With an interest in generating accessible writings that makes the connection between the larger social and political landscape of the country and its performing arts more evident, this monthly column is an attempt to un-bracket the dance discourse from its contained category of “Arts for Art's sake”. Read more from the series here.
This interview is a follow-up to the author's previous essay on dance pedagogy.
Keeping the practitioner at the heart of it, the MA Performance Practice (Dance) programme based out of the Ambedkar University, Delhi (AUD) is a much-needed critical intervention in the field of dance. What follows is a conversation with Ranjana Dave, Mandeep Raikhy and Deepak Kurki Shivaswamy – all three of whom have been involved in running the programme at various stages.
Mandeep Raikhy led the curriculum design since its inception and is now an assistant professor at AUD. Ranjana Dave, also an assistant professor at the university, joined the process in 2016 and has participated in the development and the implementation of the programme. Deepak Kurki Shivaswamy has participated in the curriculum design and was a guest teacher in the first year of the programme.
What were the initial triggers that led to the coming together of this course? What did the early conversations look like?
Mandeep Raikhy: The first conversations on starting a structured programme began in 2012 after finishing a dance residency that we used to conduct every year since 2009. Anusha Lall, the founder of Gati, Abanti Dutta who was also at Gati back then, and I had a conversation about how a residency is a fantastic space for slightly experienced artists, but Indian dance was increasingly starting to look young. It looked like the needs of younger artists were very different, and the model of the residency would not be sufficient in helping address these needs. The younger artists seemed to be in search of a lot of inputs and so we began to feel that we should probably think of putting a course together.
A lot of the projects that we were doing already cut across creation, pedagogy, performance and research. They were, however, independent of each other. Different artists were involved in these projects independently. No artist was diving into all of this together. So we were beginning to feel that a course — a year long diploma probably — could be useful to bring all these strands of learning together. We put together our first proposal towards a structured programme for a Delhi-based think-tank called Art Think South Asia (ATSA) in 2013.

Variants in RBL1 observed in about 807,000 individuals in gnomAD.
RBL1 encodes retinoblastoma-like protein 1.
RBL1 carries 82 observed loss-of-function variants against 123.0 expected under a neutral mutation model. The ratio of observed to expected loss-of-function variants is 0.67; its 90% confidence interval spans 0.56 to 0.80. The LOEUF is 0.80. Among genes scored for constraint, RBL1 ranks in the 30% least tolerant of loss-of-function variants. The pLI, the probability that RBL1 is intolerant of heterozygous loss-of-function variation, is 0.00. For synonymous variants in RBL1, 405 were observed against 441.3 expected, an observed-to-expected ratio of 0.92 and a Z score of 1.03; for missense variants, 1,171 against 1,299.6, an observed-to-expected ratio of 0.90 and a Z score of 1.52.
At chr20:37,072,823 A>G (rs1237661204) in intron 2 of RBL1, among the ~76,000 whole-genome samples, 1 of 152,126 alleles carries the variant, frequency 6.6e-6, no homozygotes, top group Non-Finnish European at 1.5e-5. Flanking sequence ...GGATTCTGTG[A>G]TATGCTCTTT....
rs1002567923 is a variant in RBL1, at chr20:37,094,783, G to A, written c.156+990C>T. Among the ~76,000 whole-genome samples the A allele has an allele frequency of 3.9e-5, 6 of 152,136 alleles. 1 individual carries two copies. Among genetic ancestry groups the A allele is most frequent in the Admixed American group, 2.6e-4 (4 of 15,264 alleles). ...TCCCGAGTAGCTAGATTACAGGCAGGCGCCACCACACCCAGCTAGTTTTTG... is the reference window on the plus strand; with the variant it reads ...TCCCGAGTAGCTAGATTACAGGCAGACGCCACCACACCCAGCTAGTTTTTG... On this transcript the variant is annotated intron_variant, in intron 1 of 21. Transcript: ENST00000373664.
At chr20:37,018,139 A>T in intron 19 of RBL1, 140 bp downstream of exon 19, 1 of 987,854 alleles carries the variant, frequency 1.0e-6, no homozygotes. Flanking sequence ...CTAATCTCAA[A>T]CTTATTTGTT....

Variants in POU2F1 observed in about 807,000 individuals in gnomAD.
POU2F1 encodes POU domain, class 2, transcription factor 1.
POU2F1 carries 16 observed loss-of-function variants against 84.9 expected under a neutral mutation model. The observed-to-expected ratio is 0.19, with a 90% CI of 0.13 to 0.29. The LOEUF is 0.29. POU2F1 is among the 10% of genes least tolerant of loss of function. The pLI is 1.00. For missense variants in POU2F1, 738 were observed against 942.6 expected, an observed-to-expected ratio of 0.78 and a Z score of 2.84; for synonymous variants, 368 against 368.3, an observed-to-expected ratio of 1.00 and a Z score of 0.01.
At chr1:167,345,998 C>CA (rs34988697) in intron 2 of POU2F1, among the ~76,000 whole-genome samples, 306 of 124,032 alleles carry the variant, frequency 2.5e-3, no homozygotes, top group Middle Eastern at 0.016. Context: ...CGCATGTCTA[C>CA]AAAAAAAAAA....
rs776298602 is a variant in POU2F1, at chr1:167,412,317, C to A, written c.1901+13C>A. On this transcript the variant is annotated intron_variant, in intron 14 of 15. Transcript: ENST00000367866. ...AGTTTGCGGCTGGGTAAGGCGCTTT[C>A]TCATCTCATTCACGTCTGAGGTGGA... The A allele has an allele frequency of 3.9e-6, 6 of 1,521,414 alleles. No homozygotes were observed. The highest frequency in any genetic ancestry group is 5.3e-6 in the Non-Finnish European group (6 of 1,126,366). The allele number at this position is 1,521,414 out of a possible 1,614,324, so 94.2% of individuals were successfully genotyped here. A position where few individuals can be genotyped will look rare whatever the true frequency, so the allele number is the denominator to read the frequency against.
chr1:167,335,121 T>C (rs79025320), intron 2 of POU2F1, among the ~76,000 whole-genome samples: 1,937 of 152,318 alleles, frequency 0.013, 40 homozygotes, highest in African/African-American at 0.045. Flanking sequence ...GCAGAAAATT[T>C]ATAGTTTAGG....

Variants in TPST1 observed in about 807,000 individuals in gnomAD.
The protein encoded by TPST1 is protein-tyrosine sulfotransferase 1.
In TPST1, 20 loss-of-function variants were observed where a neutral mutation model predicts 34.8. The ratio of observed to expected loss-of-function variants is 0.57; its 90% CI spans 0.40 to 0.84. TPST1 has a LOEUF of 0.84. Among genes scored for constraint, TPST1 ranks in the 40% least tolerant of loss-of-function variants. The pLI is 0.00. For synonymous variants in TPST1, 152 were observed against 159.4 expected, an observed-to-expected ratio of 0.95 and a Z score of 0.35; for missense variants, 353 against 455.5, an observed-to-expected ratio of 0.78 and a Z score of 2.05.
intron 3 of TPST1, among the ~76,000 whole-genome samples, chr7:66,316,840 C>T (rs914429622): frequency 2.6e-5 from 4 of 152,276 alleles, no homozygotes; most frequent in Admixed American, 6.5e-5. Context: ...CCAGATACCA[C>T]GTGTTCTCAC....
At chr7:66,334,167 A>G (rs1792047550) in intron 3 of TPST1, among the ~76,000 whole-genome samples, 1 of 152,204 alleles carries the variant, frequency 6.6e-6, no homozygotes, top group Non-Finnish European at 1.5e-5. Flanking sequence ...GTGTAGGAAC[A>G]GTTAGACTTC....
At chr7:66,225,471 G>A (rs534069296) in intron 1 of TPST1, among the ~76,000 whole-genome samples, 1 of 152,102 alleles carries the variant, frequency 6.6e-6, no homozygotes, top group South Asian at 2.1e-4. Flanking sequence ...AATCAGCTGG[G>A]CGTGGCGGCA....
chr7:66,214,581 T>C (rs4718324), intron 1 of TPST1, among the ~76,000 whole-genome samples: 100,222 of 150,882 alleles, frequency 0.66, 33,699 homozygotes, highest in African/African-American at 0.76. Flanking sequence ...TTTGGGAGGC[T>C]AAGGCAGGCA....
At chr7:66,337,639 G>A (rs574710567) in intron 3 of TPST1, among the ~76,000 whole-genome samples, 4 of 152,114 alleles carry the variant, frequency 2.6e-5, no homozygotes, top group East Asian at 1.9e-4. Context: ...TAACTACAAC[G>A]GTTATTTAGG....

From the first residency that we conducted in 2009, it has taken us about 10 years to actually arrive at the Master's programme. The labour that went into putting together the residency and running it year after year was primarily focussed on building a pool of mentors. Over the years, we collectively began to think critically about questions such as — What does it mean to mentor? What does it mean to open up information that could be useful for others? What does it mean to skin down our own practice and make it available to other people as a kind of resource pool of ideas? So, in the initial years, we spent a lot of time with mentors thinking about what practices of research could really look like in dance.
What are the gaps in the existing practice of dance pedagogy that this course hopes to bridge?
Ranjana Dave: India has had a long history of dance training. Within institutions, the existing dance degree courses that we have are all based around certain forms, like a Master's in Odissi or Bharatanatyam. A university in Orissa is coming up with a Performing Arts degree, but even that is centred around Odissi. Another widely popular kind of training (especially in classical dance) happens in informal dance class spaces – you may give one of the exams, but your learning is usually with a single teacher and is often structured based on your relationship with the teacher. The third kind are the performance studies programmes which are available in a few universities, particularly JNU and even Ambedkar University, Delhi. Because of the design of these programmes, they tend to not have room for students who particularly have an interest in practice. Increasingly, these programmes are becoming flexible, but often they require outcomes to be in writing. For these reasons it is very hard for practitioners to partake in such programmes. The MA that we run positions itself somewhere in the middle, where we have have made a choice:
a) To not focus around a specific form. The diversity among the students that it has drawn has made us feel like this was the right decision to take
b) To not make it text- or theory-heavy